Program Educational Objectives and Student Outcomes

In order to prepare graduates to pursue a productive and meaningful career characterized by continued professional growth and meaningful societal contributions, the primary objective of the Biomedical Engineering program is to provide students a coherent program of instruction.  The Biomedical Engineering curriculum equips students to:

  1. Apply principles of engineering, biology, human physiology, chemistry, calculus-based physics, mathematics (through differential equations) and statistics;
  2. Solve bio/biomedical engineering problems, including those associated with the interaction between living and non-living systems;
  3. Analyze, model, design, and realize bio/biomedical engineering devices, systems, components, or processes; and
  4. Make measurements on and interpret data from living systems.

Program Educational Objectives

Within a few years of graduation, graduates of the Biomedical Engineering program are expected to have:

  1. Established themselves as practicing professionals as policy makers and leaders in government and industry and/or be engaged in advanced study in biomedical engineering or a related field;
  2. Demonstrated their ability to successfully work both independently and as members of a professional team in the formulation and design of complex engineering systems; and function effectively as responsible professionals with effective communication skills;
  3. Shown a commitment to lifelong learning through ongoing professional training and development, leadership training, and research opportunities in order to gain a deeper understanding of the social, ethical, and environmental context of changing global conditions.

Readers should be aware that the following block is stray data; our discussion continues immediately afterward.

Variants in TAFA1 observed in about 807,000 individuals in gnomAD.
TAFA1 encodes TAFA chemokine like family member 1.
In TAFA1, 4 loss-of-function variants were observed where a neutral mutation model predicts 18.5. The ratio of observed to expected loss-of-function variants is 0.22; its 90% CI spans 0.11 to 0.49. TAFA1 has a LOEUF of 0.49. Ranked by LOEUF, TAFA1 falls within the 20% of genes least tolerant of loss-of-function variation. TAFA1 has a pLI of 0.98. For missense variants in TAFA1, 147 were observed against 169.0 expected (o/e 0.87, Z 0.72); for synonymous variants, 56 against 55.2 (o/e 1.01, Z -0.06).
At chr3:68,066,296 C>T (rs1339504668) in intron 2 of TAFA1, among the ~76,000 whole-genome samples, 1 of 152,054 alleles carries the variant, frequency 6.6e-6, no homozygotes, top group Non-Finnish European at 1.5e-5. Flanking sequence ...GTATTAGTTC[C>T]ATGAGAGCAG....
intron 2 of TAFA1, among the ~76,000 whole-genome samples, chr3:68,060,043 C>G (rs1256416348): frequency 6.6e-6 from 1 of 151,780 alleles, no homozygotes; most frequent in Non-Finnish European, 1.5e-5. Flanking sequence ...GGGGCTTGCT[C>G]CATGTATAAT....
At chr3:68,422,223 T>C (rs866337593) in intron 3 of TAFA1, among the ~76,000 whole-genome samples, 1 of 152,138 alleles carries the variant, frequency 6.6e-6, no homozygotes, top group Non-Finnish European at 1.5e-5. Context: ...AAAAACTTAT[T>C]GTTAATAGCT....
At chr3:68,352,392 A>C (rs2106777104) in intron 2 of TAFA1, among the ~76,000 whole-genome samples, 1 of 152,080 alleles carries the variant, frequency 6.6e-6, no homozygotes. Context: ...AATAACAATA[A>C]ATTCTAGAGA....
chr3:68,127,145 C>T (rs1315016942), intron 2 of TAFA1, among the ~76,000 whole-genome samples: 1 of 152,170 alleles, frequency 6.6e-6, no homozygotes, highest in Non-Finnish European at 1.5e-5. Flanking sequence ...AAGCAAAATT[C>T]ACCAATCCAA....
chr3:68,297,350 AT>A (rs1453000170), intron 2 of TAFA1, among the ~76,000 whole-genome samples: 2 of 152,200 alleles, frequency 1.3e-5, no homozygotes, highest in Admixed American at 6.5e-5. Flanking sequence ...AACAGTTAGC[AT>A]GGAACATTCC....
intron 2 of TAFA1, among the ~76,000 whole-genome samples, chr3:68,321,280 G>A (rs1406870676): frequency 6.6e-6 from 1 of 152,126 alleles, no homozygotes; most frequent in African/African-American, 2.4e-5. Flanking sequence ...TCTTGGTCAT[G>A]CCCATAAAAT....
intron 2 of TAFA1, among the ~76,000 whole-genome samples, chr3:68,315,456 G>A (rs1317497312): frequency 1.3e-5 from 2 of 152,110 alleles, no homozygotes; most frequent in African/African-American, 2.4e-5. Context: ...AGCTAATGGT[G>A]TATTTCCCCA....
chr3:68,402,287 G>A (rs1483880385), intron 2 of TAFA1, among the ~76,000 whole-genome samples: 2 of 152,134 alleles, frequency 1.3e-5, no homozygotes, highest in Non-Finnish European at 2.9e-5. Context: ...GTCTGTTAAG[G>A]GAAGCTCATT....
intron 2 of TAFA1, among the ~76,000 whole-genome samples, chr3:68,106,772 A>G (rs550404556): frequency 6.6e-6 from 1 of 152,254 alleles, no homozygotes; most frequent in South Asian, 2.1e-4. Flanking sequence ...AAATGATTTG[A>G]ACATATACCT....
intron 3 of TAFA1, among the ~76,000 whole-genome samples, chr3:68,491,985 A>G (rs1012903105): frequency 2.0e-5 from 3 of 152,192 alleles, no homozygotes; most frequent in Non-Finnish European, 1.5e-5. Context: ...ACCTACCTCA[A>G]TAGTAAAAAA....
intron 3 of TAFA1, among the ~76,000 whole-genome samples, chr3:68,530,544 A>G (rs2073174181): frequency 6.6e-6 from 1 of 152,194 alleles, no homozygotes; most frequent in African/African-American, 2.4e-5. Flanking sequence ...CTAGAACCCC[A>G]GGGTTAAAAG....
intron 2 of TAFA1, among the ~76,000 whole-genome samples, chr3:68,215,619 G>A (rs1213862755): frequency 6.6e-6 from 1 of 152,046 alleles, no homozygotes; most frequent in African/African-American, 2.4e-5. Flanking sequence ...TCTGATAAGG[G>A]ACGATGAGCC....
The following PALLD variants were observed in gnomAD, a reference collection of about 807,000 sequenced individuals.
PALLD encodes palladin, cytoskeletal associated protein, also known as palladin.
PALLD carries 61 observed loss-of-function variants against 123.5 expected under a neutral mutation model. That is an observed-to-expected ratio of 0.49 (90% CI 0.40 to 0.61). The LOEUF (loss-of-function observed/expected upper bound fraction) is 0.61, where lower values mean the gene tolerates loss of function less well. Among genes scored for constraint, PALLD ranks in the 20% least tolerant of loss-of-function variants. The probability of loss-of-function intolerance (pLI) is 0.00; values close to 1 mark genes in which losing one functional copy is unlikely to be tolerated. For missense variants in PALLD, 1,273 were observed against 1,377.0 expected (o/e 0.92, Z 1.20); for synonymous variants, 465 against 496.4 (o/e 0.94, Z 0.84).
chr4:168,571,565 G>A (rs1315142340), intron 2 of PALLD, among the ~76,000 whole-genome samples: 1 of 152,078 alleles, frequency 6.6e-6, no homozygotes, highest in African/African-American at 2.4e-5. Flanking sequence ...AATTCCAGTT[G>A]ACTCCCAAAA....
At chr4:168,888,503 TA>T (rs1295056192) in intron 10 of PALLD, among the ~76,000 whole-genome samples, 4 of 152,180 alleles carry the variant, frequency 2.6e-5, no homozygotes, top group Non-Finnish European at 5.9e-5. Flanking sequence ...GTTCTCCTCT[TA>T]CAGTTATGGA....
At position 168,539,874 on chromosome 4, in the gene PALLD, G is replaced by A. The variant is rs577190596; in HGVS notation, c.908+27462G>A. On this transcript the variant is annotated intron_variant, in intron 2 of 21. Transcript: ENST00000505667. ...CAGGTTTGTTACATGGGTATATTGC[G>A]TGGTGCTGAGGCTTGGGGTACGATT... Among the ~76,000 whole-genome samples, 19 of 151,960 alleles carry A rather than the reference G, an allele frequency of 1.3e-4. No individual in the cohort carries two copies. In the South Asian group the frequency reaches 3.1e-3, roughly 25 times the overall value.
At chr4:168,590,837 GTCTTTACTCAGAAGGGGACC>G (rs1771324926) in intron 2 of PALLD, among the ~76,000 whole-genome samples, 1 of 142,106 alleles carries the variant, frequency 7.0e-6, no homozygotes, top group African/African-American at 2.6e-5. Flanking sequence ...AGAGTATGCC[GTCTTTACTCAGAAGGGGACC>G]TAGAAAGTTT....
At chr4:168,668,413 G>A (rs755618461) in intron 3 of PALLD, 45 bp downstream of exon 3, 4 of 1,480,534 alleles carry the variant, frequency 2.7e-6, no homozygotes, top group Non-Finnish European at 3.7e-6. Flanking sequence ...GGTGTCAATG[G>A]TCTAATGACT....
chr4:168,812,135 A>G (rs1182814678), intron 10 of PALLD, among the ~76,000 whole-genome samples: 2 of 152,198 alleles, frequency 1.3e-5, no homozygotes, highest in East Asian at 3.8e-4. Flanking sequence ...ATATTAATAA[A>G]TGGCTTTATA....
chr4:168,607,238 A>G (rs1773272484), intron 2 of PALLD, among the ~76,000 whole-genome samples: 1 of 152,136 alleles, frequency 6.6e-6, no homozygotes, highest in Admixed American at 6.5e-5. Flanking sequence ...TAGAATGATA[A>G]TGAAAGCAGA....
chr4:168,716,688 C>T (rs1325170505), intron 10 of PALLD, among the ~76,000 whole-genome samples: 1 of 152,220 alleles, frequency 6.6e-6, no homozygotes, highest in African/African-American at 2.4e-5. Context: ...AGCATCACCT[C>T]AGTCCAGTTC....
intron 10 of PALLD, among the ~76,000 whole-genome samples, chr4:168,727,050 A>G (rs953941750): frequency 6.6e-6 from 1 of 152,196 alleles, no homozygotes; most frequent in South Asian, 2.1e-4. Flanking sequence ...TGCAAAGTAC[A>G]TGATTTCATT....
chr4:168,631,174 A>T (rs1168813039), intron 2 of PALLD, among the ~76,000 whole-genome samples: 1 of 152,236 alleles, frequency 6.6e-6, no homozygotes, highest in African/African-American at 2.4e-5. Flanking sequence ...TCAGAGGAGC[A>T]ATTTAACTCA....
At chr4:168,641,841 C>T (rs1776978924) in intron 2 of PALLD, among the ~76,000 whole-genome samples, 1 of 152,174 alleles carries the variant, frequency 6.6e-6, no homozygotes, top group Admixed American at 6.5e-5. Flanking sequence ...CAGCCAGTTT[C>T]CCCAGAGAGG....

Students graduating from the Biomedical Engineering program will have acquired the following:

  1. An ability to apply knowledge of mathematics, science, and engineering;
  2. An ability to design and conduct experiments, as well as to analyze and interpret data;
  3. An ability to design a system, component, or process to meet desired needs within realistic constraints such as economic, environmental, social, political, ethical, health and safety, and manufacturability;
  4. An ability to function on multidisciplinary teams;
  5. An ability to identify, formulate, and solve engineering problems;
  6. An understanding of professional and ethical responsibility;
  7. An ability to communicate effectively;
  8. The broad education necessary to understand the impact of engineering solutions in a global, economic, environmental, and societal context;
  9. A recognition of the need for life-long learning;
  10. A knowledge of contemporary issues;
  11. An ability to use the techniques, skills, and modern engineering tools necessary for engineering practice.